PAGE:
Second-hand books find new life online
Wang Anna, a 28-year-old working in Beijing, used to pack used books into every nook and cranny of her bedroom because her bookcase was full.
But now she has a way to dispose of her used books. She opened an online bookstall on the second-hand book trading website kongfz.com four years ago, and since then has sold more than 100 books.
"Selling my books to other readers is more environmentally friendly than throwing them away," Wang said. "And the value of the books can be maximized if they are passed on to more readers."
Book recycling has become increasingly popular in China, as websites and mobile apps for trading used books flourish.
However, Wang sometimes finds selling books on kongfz.com to be a lot of work because she needs to input the books' information, wait for buyers to order, and then ship the books.
Yushu, which can be accessed at 22bat.com and the company's official WeChat account, eliminates these troubles.
Staff of Yushu provide on-call and onsite service to collect books free of charge. The collected books are sold at a 62-percent discount online and at brick-and-mortar bookstores, or they may be donated or made into other products.
Yushu's logistics service works with online retail giant JD.com, enabling the book-collecting service to cover 344 cities in China, Yushu founder Shang Xiaohui told Xinhua.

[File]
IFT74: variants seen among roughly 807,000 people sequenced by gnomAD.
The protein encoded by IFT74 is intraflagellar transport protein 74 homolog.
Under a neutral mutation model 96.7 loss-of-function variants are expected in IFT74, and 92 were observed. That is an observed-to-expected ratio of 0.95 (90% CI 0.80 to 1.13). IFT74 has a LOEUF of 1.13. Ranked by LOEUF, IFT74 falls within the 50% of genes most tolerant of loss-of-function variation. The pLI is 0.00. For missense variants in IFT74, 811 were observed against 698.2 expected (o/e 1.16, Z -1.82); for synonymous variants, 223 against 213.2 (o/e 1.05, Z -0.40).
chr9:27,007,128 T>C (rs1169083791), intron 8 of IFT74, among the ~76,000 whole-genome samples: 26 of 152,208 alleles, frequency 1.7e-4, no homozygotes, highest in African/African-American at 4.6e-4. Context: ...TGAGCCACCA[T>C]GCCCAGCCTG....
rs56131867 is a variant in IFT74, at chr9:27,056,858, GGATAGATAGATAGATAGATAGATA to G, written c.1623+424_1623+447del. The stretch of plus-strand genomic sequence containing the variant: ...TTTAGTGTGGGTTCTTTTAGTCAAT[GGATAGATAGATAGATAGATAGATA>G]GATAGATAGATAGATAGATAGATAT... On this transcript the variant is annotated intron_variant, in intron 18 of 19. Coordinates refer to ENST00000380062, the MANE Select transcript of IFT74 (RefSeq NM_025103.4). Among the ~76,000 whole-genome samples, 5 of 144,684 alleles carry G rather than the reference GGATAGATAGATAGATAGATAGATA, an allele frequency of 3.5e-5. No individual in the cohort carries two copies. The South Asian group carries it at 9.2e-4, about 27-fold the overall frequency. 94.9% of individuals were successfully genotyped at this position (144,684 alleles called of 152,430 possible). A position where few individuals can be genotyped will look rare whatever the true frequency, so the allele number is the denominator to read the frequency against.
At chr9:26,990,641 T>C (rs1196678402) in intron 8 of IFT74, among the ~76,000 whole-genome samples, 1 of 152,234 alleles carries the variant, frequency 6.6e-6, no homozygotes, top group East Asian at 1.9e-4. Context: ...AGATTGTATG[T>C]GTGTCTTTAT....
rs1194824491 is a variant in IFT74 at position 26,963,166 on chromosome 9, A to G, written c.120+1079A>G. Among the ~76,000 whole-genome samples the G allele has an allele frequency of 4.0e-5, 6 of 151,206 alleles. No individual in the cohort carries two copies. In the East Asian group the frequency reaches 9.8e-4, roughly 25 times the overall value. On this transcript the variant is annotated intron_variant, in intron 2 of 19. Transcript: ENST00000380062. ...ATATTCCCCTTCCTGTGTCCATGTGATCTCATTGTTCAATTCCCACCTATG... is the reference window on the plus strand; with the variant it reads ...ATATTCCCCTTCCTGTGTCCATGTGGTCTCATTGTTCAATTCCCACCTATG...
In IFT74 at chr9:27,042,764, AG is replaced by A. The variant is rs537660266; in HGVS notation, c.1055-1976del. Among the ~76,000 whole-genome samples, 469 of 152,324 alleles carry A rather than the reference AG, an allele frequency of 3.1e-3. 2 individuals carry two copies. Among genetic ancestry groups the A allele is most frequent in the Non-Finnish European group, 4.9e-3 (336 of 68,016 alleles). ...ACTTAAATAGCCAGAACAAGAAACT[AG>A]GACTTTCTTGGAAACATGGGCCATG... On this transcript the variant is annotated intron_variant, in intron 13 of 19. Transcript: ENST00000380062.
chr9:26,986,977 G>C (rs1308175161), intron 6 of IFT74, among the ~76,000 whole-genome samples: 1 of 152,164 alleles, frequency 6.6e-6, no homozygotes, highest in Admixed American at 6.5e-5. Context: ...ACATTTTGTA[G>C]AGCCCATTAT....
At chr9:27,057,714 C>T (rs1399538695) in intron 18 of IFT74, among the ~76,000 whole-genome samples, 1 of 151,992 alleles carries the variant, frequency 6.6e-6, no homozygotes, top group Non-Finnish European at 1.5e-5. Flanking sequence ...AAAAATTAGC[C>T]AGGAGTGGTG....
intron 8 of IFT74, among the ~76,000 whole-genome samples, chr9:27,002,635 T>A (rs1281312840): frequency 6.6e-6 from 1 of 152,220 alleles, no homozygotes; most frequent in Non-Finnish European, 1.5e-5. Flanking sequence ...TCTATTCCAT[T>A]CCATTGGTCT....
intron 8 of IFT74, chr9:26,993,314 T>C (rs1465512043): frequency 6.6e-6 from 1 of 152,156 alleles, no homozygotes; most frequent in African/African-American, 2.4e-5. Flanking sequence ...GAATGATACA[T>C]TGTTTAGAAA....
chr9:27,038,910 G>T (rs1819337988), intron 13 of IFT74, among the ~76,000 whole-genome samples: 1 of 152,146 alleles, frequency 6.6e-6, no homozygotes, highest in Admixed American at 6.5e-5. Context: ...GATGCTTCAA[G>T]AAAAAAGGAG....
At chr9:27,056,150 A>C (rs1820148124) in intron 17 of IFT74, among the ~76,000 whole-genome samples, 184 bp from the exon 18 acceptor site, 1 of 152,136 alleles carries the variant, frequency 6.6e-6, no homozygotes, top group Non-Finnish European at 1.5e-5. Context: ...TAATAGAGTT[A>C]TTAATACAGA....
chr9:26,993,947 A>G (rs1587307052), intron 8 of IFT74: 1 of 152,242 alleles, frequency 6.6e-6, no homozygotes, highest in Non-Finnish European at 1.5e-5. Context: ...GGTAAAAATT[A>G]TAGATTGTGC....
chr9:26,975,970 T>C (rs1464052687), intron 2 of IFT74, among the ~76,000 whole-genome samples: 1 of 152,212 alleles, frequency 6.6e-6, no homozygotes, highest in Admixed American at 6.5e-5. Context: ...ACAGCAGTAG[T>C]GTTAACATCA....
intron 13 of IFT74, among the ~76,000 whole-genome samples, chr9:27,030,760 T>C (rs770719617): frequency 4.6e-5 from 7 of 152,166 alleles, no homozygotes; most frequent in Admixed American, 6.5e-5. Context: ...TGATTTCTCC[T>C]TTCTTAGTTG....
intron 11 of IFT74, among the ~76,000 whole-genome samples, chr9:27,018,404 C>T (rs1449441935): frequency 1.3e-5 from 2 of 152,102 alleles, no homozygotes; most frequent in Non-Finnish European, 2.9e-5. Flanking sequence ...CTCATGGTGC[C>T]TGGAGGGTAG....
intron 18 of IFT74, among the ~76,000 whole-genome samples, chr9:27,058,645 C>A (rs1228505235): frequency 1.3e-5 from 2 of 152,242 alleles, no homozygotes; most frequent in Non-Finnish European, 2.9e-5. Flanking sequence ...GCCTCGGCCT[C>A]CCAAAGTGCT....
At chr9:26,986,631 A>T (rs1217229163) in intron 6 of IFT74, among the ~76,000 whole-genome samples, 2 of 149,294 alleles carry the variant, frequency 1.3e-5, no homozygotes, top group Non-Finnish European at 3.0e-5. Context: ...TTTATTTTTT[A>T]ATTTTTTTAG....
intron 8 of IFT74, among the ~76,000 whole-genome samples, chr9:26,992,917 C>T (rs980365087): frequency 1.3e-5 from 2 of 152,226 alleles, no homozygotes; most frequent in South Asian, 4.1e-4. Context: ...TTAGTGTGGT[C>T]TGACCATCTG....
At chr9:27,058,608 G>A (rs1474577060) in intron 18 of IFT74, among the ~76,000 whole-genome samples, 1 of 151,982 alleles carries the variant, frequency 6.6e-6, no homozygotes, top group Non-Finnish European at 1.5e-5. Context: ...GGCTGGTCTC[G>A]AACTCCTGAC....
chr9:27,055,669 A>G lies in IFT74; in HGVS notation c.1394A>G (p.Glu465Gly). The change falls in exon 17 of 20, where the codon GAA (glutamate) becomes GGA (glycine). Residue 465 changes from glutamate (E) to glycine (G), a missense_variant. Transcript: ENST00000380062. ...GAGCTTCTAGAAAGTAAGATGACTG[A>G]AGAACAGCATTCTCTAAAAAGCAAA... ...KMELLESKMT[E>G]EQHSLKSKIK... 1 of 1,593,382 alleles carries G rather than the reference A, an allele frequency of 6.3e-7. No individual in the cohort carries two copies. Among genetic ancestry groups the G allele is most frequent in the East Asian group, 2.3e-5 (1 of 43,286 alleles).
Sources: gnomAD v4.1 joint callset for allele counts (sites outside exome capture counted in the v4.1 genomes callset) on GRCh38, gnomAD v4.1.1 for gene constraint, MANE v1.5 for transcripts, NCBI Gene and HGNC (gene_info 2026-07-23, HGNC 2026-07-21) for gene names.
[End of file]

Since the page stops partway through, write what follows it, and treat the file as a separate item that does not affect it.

Shang started the book-recycling project as a university student in Shanghai in 2013 and founded Yushu in June 2017. The platform has collected nearly six million books so far.
For Shang, the popularity of Yushu is partly due to increased environmental awareness on the part of donors, and their belief that the books can help people.
A fourth grader at Guangqi primary school in Shanghai mobilized more than 400 pupils to donate 1,230 books, and they are still continuing to donate, Shang said.
"Publishing a 250-page book consumes 7.5 kilograms of water, nearly 1 kilogram of wood and 125 grams of coal," Shang said, adding that many donors believe in protecting natural resources.
The collected books will be disinfected and some will be distributed to more than 80 public libraries in schools, communities and welfare houses established by Yushu.
Yushu staff handle every book carefully because the books may change children's lives, Shang said.
He once learned that Shejie Primary School in poverty-stricken Guizhou Province badly needed books.
A volunteer teacher who had been working at the school for two years told Shang that bookstores in towns were too far, and books were too expensive for the school.
Soon after, Yushu staff donated 300 books to the school, then donated another 600 later.
The students were very happy and wrapped the books in newspaper to avoid scratches.
"Yushu is awesome. It makes my idle books achieve more value," a book donor named Mimi said on Yushu's official WeChat account.
Chinese adults read an average of 7.86 books in 2016, according to an annual survey on reading habits conducted by the Chinese Academy of Press and Publication in April 2017.
Shang's vision is for Yushu to help Chinese people read one more book per year and to give children in poor areas more access to good books.
Shang said Yushu plans to set up 1,000 public libraries by the end of this year.
As more book-trading websites and mobile apps emerge, more Chinese are dusting off their used books and letting them begin a new chapter online.